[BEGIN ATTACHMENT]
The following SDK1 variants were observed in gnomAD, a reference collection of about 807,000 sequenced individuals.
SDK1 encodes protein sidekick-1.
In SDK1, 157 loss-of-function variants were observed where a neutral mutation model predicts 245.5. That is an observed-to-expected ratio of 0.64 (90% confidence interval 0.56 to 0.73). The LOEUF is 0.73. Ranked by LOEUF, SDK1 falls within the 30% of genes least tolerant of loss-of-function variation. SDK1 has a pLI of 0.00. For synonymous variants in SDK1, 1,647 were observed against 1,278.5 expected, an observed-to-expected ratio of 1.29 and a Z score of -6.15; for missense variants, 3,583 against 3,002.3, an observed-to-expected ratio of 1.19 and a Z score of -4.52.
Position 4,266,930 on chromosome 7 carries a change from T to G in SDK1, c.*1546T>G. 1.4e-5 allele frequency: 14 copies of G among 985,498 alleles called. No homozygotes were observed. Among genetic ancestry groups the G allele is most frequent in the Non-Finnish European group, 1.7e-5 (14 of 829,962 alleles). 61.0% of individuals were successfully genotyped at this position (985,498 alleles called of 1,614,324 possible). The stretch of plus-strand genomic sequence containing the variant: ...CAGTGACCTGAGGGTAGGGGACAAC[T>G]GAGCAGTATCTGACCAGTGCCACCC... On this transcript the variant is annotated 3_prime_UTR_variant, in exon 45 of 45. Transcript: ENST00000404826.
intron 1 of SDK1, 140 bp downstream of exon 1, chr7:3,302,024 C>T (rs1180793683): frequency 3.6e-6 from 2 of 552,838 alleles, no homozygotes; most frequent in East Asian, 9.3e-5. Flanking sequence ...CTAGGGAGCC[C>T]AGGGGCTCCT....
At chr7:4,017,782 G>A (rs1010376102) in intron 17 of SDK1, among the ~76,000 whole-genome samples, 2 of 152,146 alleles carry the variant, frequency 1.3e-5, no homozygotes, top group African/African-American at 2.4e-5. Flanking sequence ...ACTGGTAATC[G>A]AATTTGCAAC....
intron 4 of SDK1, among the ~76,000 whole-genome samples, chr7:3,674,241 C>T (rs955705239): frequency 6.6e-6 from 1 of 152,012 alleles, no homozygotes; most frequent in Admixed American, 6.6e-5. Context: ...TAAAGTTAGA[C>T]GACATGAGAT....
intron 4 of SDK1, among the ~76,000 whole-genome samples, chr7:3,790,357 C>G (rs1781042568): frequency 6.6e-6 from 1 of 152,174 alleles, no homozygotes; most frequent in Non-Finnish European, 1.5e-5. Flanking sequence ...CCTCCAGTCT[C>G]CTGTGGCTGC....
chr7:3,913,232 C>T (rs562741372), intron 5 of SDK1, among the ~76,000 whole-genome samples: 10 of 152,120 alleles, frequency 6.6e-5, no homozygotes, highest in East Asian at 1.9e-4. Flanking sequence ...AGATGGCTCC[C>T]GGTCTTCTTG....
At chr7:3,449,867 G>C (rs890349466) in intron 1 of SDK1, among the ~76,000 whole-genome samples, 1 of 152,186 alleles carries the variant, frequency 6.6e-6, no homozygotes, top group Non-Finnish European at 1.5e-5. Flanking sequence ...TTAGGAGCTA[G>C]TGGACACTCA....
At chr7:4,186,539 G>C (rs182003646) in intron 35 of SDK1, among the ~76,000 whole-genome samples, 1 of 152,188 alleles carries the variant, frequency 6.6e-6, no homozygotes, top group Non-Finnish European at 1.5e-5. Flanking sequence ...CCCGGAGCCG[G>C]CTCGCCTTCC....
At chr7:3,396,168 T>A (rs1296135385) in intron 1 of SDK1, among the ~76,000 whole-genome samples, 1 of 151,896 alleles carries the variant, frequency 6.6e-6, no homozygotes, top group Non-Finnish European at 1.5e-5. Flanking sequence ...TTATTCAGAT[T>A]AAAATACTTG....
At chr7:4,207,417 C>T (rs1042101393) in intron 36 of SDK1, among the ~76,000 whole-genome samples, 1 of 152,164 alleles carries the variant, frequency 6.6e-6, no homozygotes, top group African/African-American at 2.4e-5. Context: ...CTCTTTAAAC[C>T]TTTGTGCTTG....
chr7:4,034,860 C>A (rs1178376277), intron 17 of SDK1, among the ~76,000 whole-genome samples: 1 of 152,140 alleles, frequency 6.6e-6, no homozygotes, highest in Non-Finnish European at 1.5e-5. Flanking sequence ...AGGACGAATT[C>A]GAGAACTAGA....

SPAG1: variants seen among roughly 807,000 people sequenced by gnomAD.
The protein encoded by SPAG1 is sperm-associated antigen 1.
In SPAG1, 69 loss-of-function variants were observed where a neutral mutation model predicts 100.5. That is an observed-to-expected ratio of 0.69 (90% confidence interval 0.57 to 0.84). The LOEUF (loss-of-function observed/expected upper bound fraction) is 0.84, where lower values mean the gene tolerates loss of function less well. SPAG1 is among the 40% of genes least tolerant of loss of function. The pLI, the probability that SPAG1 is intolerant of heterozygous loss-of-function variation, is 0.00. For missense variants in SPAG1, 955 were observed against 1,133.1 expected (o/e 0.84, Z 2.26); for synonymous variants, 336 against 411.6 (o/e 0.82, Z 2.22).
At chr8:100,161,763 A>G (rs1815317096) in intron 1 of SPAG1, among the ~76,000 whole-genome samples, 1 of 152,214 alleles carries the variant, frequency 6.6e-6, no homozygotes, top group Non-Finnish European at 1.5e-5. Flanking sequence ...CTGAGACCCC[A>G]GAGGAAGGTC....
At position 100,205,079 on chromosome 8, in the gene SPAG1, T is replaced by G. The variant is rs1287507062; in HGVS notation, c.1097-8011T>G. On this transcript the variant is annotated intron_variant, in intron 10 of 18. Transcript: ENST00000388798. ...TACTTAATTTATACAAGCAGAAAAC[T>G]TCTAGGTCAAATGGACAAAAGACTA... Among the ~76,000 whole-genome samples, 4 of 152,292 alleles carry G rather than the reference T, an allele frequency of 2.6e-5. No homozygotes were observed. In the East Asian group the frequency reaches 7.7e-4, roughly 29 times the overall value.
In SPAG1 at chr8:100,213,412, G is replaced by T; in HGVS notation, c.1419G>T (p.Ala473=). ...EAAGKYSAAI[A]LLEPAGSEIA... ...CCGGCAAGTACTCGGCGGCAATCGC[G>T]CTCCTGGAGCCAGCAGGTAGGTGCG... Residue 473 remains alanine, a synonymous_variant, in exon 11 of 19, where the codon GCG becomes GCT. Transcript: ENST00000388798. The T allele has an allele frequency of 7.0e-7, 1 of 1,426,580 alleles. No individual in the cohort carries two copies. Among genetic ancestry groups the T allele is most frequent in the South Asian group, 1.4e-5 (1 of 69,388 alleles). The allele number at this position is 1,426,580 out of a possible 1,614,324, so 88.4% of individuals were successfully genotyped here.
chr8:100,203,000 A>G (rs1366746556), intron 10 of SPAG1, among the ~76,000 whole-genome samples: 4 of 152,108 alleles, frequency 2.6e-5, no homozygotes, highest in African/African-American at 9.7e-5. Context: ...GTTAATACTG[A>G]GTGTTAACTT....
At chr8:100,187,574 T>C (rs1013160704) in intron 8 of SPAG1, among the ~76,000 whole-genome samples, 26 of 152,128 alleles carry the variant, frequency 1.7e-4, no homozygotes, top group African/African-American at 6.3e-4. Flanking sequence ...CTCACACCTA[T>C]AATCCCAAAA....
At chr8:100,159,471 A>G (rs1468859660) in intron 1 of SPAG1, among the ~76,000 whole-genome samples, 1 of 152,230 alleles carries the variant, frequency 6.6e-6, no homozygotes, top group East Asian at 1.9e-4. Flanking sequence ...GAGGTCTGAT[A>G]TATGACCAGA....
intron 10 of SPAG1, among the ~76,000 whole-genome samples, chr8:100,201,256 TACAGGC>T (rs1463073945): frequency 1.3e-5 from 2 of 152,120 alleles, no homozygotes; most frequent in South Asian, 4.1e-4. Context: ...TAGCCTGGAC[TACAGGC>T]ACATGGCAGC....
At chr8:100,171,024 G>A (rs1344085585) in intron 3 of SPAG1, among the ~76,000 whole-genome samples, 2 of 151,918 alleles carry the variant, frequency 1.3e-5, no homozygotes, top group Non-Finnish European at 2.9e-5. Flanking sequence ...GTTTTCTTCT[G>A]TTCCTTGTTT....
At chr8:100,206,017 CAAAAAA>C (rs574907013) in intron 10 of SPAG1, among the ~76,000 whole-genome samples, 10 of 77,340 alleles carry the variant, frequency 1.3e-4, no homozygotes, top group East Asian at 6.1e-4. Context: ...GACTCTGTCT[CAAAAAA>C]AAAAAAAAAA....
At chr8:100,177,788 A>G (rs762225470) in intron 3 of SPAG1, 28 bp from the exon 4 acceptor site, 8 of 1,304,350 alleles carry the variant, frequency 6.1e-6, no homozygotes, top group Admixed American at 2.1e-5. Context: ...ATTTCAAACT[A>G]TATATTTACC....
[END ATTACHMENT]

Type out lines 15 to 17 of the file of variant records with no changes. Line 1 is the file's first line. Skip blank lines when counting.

SPAG1: variants seen among roughly 807,000 people sequenced by gnomAD.
The protein encoded by SPAG1 is sperm-associated antigen 1.
In SPAG1, 69 loss-of-function variants were observed where a neutral mutation model predicts 100.5. That is an observed-to-expected ratio of 0.69 (90% confidence interval 0.57 to 0.84). The LOEUF (loss-of-function observed/expected upper bound fraction) is 0.84, where lower values mean the gene tolerates loss of function less well. SPAG1 is among the 40% of genes least tolerant of loss of function. The pLI, the probability that SPAG1 is intolerant of heterozygous loss-of-function variation, is 0.00. For missense variants in SPAG1, 955 were observed against 1,133.1 expected (o/e 0.84, Z 2.26); for synonymous variants, 336 against 411.6 (o/e 0.82, Z 2.22).